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CPSC Seeks Offerors To Develop TV Safety Standard

Release Date: February 28, 1975

The U.S. Consumer Product Safety Commission today invited any interested person or group to offer to develop a safety standard for television receivers or to submit an existing standard that could reduce or eliminate the unreasonable risks of injuries associated with televisions.

In a detailed Federal Register notice, the Commission identified four hazards that must be addressed by a safety standard: fire -- often due to arcing or overheating; electric shock -- associated with exposed metal components; picture tube implosion -- a rapid and sudden inward collapse of the picture tube that can send hot glass fragments and other molten materials scattering; and mechanical or exterior hazards -- resulting from failure of TV handles, unstable integral support stands or sharp points and sharp edges.

The Commission explored the safety aspects of televisions during two days of public hearings on April 23 and 24, 1974, and has received a vast amount of information relating to safety and quality improvement from television receiver manufacturers.

Injury data collected by the Commission's National Electronic Injury Surveillance System (NEISS) indicate that during 1973 about 100 persons sought hospital emergency room treatment nationwide for injuries related to television fires, about 100 for electric shock injuries and about 12,000 for injuries associated with mechanical failures.

The Commission also has collected injury and accident data from other sources including a field survey and consumer complaint letters.

Since May 1973 when the Commission came into existence, more than 144,296 televisions have been recalled for inspection and where necessary repairs as a result of mandatory defect reporting by companies of potential substantial product hazards. The Commission will consider offers addressed to any one of the identified hazards but would prefer to select a single offeror who will address all four of the hazards.

Regardless of who is selected, there must be wide opportunity for participation by all interested parties, including consumers.

The Commission may agree to contribute to the costs of the development of the proposed standard, but normally expects that the bulk of work will be done by volunteers or funded by non-Commission sources.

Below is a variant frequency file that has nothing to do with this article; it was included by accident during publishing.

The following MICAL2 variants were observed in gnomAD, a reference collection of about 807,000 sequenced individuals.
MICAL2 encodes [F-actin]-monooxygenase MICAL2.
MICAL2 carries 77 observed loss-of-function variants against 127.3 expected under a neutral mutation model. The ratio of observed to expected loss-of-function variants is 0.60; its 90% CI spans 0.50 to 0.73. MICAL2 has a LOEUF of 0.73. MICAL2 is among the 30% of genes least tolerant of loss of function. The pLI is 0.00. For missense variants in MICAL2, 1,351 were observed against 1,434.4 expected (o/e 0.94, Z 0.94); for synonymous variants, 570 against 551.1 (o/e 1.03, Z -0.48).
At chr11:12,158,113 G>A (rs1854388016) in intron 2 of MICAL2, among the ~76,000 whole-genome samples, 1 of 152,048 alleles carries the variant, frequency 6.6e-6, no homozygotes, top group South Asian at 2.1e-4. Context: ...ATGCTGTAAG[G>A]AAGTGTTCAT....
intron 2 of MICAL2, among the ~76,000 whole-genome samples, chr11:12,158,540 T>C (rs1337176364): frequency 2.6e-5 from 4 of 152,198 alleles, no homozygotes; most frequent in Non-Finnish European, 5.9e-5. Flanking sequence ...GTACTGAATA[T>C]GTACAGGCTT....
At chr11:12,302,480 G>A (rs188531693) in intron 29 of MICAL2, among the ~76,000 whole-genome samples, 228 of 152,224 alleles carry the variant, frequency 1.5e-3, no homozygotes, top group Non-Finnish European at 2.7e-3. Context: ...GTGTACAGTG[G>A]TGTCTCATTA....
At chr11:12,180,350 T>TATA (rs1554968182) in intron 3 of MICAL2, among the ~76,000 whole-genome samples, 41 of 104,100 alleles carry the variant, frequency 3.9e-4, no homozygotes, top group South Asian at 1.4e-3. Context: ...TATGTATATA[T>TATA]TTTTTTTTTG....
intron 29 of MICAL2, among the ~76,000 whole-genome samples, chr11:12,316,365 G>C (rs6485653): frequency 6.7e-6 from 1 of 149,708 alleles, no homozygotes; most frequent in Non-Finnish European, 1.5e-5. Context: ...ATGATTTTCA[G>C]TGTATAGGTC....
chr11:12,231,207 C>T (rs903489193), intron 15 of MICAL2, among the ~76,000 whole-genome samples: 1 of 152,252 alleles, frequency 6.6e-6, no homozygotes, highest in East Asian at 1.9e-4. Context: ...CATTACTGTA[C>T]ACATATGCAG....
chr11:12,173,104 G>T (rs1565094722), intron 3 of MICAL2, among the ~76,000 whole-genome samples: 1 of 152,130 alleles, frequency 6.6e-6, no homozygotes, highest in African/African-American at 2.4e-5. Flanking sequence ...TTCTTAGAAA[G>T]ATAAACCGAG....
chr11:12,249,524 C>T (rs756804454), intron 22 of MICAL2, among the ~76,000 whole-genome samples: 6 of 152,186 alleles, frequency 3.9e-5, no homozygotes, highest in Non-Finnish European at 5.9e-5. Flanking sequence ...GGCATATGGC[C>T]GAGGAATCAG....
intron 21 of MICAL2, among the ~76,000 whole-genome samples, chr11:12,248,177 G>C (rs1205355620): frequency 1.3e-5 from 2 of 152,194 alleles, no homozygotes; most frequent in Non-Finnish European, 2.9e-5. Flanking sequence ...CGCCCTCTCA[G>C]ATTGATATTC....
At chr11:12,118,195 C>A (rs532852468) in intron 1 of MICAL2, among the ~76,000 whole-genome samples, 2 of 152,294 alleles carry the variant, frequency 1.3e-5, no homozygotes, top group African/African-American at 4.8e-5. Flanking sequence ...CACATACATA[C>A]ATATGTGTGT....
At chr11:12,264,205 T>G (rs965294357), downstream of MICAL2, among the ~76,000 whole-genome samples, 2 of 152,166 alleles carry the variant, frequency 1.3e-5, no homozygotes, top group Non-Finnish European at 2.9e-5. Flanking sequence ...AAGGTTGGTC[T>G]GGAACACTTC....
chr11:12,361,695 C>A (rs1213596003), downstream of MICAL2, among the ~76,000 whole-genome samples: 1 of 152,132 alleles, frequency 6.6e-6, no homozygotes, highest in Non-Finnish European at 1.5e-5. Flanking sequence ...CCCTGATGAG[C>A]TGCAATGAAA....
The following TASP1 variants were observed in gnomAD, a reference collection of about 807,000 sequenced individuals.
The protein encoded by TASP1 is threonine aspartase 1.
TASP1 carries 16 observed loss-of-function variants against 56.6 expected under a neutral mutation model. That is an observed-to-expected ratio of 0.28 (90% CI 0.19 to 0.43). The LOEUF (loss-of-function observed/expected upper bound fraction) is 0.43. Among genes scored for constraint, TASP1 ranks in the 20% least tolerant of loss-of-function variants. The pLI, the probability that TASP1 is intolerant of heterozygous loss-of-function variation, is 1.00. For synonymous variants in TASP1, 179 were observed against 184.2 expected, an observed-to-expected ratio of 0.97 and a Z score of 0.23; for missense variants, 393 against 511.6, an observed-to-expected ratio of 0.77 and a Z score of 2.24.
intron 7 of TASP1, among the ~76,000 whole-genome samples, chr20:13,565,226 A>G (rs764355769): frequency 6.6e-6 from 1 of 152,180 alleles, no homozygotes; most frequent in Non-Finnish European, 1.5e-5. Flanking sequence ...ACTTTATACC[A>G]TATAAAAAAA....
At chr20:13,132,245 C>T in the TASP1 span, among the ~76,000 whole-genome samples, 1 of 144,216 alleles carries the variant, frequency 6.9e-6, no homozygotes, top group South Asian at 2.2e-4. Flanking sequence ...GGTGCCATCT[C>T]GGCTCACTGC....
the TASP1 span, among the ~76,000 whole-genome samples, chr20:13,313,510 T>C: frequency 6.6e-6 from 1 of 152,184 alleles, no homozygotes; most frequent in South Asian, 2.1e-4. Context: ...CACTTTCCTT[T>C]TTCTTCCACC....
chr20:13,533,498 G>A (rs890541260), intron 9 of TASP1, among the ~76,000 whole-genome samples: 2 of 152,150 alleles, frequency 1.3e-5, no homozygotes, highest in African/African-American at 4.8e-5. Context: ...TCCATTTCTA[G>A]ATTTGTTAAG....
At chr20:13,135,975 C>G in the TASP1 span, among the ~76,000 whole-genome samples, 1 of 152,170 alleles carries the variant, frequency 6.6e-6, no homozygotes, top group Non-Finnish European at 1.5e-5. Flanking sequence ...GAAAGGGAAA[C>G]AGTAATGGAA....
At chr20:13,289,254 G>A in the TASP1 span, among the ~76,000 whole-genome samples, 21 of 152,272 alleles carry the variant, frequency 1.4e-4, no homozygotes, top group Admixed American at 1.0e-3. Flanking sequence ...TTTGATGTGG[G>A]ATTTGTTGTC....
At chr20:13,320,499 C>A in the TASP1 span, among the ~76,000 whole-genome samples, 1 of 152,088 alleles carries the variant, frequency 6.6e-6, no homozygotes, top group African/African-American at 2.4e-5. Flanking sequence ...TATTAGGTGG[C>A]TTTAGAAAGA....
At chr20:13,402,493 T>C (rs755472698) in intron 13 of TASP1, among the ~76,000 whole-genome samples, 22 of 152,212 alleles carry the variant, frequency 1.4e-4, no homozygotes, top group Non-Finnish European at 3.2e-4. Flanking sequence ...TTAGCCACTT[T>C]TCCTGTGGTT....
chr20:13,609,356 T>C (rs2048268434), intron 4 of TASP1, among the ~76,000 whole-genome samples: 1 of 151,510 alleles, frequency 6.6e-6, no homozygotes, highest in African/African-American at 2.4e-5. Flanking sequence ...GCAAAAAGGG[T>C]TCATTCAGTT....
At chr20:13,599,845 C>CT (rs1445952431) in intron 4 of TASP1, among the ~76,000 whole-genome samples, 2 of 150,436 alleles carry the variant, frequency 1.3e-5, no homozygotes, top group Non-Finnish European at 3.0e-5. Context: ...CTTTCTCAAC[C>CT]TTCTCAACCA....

Offers should be submitted by March31,1975, to the Office of the Secretary, U.S. Consumer Product Safety Commission, Washington, D.C. 20207.

The development period is scheduled to end on July 28, 1975, although the Commission may adjust the time for good cause.

At the close of the development period, the offeror must submit a proposed safety standard for Commission consideration. If the Commission determines that the proposed standard can reduce or eliminate the unreasonable risks of injuries associated with televisions, it may issue the standard as a proposed consumer product safety rule. Prospective offerors should contact the Office of the Secretary if they desire additional information. (Telephone: 202-634-7700).

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About the U.S. CPSC
The U.S. Consumer Product Safety Commission (CPSC) is charged with protecting the public from unreasonable risk of injury or death associated with the use of thousands of types of consumer products. Deaths, injuries, and property damage from consumer product-related incidents cost the nation more than $1 trillion annually. CPSC's work to ensure the safety of consumer products has contributed to a decline in the rate of injuries associated with consumer products over the past 50 years. 

Federal law prohibits any person from selling products subject to a Commission ordered recall or a voluntary recall undertaken in consultation with the CPSC.

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